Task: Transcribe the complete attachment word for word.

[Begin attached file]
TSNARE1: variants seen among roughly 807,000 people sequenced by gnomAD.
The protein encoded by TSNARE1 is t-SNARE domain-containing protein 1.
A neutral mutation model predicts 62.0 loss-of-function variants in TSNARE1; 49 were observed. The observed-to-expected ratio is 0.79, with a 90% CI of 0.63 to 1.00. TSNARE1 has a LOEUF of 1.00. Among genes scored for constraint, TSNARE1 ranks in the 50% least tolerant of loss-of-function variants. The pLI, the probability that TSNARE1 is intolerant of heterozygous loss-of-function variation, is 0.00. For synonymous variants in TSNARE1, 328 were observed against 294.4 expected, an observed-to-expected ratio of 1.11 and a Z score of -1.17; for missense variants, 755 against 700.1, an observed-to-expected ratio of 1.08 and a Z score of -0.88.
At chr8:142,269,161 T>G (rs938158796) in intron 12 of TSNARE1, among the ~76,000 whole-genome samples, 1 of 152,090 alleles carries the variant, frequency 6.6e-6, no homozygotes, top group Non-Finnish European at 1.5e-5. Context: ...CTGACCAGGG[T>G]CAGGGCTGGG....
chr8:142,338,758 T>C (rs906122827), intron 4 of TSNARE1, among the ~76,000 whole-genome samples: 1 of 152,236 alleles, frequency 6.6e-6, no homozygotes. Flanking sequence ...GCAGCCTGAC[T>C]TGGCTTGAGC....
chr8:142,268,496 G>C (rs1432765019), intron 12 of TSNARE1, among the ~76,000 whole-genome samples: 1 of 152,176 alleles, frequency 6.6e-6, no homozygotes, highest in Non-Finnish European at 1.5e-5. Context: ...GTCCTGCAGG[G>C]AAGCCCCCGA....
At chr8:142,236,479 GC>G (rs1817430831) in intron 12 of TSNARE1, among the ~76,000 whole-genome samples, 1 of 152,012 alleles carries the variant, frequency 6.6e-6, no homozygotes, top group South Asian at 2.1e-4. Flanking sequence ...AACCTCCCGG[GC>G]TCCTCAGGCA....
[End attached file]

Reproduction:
TSNARE1: variants seen among roughly 807,000 people sequenced by gnomAD.
The protein encoded by TSNARE1 is t-SNARE domain-containing protein 1.
A neutral mutation model predicts 62.0 loss-of-function variants in TSNARE1; 49 were observed. The observed-to-expected ratio is 0.79, with a 90% CI of 0.63 to 1.00. TSNARE1 has a LOEUF of 1.00. Among genes scored for constraint, TSNARE1 ranks in the 50% least tolerant of loss-of-function variants. The pLI, the probability that TSNARE1 is intolerant of heterozygous loss-of-function variation, is 0.00. For synonymous variants in TSNARE1, 328 were observed against 294.4 expected, an observed-to-expected ratio of 1.11 and a Z score of -1.17; for missense variants, 755 against 700.1, an observed-to-expected ratio of 1.08 and a Z score of -0.88.
At chr8:142,269,161 T>G (rs938158796) in intron 12 of TSNARE1, among the ~76,000 whole-genome samples, 1 of 152,090 alleles carries the variant, frequency 6.6e-6, no homozygotes, top group Non-Finnish European at 1.5e-5. Context: ...CTGACCAGGG[T>G]CAGGGCTGGG....
chr8:142,338,758 T>C (rs906122827), intron 4 of TSNARE1, among the ~76,000 whole-genome samples: 1 of 152,236 alleles, frequency 6.6e-6, no homozygotes. Flanking sequence ...GCAGCCTGAC[T>C]TGGCTTGAGC....
chr8:142,268,496 G>C (rs1432765019), intron 12 of TSNARE1, among the ~76,000 whole-genome samples: 1 of 152,176 alleles, frequency 6.6e-6, no homozygotes, highest in Non-Finnish European at 1.5e-5. Context: ...GTCCTGCAGG[G>C]AAGCCCCCGA....
At chr8:142,236,479 GC>G (rs1817430831) in intron 12 of TSNARE1, among the ~76,000 whole-genome samples, 1 of 152,012 alleles carries the variant, frequency 6.6e-6, no homozygotes, top group South Asian at 2.1e-4. Flanking sequence ...AACCTCCCGG[GC>G]TCCTCAGGCA....